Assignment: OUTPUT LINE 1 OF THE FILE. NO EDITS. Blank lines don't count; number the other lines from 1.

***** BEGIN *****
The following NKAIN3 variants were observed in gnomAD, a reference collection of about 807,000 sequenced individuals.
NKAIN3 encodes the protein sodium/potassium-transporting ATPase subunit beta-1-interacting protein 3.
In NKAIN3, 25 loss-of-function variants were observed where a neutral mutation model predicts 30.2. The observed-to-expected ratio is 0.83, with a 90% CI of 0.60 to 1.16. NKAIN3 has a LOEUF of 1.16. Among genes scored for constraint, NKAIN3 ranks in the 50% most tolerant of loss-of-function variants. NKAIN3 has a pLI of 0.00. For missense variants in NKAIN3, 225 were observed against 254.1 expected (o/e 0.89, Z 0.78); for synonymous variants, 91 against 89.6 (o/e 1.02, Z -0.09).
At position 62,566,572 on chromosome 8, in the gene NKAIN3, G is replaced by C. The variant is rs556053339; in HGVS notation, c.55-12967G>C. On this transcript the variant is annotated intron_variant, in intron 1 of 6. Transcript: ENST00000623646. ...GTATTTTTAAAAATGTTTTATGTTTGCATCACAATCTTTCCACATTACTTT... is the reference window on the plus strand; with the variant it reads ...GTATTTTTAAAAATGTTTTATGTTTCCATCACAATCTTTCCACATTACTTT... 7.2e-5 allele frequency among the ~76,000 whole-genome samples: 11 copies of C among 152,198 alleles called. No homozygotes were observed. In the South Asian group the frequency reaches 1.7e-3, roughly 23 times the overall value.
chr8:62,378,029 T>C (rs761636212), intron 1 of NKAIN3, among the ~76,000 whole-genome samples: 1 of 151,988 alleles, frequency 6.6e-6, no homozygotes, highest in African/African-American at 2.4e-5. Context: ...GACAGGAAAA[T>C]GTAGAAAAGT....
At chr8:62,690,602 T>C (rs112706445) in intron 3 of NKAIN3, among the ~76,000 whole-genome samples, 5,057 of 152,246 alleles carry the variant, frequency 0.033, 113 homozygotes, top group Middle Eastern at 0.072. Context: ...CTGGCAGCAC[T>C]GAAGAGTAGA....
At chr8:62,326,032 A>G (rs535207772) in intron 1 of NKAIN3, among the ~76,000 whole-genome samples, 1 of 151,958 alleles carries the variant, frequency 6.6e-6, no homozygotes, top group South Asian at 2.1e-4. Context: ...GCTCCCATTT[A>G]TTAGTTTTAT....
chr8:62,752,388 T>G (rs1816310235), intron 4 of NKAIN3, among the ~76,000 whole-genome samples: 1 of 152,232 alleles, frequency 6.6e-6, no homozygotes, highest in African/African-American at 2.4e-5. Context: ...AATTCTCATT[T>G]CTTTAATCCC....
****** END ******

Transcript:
The following NKAIN3 variants were observed in gnomAD, a reference collection of about 807,000 sequenced individuals.